The similarities between caving and spaceflight are highlighted throughout the course. Speleologists and astronauts adopt the ‘buddy system’, and both astronaut trainers and CAVES instructors repeat the same mantras of “slow is fast,” “check your gear, and then trust it,” and “always be aware of where you are and where your buddy is.”

In every expedition, the astronauts work with seasoned instructors and explorers. “A mutual trust builds as stories and anecdotes are shared,” says mission director Loredana Bessone. “The atmosphere is always one of respect.”

CAVES focuses on multicultural approaches to leadership, following orders, teamwork and decision-making. At the end of the course the astronauts will have a better understanding of how they function in a multicultural team and what they are skilled at, as well as areas for self-improvement.

Behavioural activities are woven into the course to foster effective communication, decision-making, problem-solving, leadership and team dynamics.

“From the first activity together, the support team saw that this year’s ‘cavenauts’ would be a really tight crew,” says Loredana. “Their teamwork is an example of what an expedition in an isolated, risky and alien environment should be.”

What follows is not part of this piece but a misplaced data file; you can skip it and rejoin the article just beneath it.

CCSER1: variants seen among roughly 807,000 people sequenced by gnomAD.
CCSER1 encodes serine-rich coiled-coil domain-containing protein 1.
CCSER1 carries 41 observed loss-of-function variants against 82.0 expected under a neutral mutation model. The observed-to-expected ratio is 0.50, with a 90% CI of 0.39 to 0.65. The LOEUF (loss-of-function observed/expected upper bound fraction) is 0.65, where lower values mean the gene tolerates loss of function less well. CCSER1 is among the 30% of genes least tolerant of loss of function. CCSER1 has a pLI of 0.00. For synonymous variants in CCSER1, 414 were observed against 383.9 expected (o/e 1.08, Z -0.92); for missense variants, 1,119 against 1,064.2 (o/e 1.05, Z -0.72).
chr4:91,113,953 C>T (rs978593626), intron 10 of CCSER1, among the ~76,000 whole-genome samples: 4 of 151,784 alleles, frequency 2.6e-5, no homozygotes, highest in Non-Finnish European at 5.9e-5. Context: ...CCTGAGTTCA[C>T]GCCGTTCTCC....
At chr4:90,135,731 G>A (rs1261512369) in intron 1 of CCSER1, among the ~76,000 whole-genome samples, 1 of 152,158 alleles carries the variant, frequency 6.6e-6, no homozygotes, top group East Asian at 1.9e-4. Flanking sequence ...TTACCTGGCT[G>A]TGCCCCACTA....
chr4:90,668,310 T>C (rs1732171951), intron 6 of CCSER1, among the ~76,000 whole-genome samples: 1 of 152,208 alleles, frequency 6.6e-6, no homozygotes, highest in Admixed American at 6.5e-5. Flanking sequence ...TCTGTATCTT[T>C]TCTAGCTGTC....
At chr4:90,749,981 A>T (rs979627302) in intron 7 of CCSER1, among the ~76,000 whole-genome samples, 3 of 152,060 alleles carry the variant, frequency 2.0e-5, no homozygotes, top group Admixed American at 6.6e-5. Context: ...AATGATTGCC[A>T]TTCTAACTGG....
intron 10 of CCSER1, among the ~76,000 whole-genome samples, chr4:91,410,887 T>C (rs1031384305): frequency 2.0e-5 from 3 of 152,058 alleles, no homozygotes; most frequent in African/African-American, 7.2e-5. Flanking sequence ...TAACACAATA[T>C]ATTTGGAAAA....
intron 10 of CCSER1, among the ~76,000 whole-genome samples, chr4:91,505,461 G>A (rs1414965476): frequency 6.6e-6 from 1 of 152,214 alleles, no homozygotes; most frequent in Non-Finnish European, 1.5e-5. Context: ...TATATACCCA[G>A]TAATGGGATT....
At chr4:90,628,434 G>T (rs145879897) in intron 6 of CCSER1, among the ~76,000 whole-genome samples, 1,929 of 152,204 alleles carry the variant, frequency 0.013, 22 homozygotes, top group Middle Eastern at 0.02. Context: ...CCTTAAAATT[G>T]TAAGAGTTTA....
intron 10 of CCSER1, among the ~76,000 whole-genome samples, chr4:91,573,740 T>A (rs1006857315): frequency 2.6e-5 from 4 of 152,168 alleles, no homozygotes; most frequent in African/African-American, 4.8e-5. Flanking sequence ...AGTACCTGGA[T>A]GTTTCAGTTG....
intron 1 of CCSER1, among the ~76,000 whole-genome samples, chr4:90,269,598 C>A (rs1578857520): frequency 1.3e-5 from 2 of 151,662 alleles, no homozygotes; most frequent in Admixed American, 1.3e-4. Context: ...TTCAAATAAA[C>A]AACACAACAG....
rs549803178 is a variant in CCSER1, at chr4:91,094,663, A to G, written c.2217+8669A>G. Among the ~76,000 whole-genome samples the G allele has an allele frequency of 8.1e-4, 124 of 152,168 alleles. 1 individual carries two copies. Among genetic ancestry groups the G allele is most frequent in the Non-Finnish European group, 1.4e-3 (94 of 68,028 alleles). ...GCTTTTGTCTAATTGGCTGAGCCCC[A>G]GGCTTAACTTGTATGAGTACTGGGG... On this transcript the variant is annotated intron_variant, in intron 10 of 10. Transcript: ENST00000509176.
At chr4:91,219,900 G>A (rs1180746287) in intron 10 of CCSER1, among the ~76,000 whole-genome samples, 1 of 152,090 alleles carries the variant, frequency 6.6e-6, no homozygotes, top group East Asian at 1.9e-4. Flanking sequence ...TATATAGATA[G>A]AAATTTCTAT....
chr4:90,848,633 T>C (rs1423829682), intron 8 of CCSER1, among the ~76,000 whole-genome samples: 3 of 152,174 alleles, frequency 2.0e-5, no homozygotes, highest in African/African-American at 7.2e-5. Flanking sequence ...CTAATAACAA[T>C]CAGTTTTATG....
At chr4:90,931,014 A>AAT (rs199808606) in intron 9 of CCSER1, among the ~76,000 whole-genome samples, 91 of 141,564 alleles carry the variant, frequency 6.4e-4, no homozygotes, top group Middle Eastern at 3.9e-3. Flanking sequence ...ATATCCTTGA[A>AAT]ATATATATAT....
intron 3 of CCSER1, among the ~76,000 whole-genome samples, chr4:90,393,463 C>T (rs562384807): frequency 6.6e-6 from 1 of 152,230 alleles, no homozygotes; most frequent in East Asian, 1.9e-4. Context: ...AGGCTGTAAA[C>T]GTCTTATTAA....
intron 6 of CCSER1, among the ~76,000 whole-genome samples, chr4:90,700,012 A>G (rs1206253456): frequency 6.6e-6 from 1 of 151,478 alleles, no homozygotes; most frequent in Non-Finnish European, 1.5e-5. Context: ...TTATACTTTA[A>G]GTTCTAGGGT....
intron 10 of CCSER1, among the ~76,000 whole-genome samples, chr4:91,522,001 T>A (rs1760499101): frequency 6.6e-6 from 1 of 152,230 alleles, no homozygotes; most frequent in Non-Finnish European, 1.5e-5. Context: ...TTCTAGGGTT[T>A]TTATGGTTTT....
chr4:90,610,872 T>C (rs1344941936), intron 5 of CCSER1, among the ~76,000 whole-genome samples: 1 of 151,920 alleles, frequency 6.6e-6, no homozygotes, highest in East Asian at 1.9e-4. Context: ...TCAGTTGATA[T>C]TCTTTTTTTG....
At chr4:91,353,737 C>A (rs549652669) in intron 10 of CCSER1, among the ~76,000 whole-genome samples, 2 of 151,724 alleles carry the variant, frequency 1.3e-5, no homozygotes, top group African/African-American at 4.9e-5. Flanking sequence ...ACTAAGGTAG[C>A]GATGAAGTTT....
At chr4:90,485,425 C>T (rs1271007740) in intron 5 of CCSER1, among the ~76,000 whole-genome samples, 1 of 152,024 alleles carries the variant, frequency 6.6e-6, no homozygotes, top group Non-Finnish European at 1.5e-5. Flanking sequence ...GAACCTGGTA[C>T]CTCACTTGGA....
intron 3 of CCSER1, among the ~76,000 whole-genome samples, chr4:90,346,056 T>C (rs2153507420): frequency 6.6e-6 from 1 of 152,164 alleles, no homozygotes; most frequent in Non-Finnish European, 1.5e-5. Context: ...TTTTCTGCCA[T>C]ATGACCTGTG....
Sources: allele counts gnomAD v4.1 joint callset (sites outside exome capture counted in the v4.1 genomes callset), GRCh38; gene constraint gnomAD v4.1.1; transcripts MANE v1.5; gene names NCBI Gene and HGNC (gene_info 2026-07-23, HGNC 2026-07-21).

This year’s participants are an even more international team than ever, including ESA’s Pedro Duque, NASA’s Jessica Meir and Richard Arnold, Japan’s astronaut Aki Hoshide, China’s Ye Guangfu and Russia’s Sergei Korsakov.

The cavenauts bring a broad mix of skills with their backgrounds in science, engineering, flying, military and education as well as experience and culture.

Pedro Duque comments, “It is a great privilege to take part in one of the last exploration activities remaining on Earth and to enter the underworld supervised by world-class experts.

“We will use the knowledge we gain about ourselves and the group in our next space endeavours.”

Follow the underground adventure on Twitter with via @ESA_CAVES, and on the CAVES blog where the crew have provided impressions of their first week of training.

Loredana concludes: “ESA’s CAVES course brings together spacefarers from all over the world to create the best crew. We hope to see them one day exploring other worlds with the same awe and respect we have for caves.”

 
Underground and wet//embedr.flickr.com/assets/client-code.js

Underground pool//embedr.flickr.com/assets/client-code.js

CAVES 2016 – Exploring a cave//embedr.flickr.com/assets/client-code.js
 

Text: Staff Writers

Photos: European Space Agency | Flickr

Web: Space Daily

Read Full Post »

Read Full Post »

Splitting Colors

Read Full Post »

Older Posts »

A %d blogueros les gusta esto: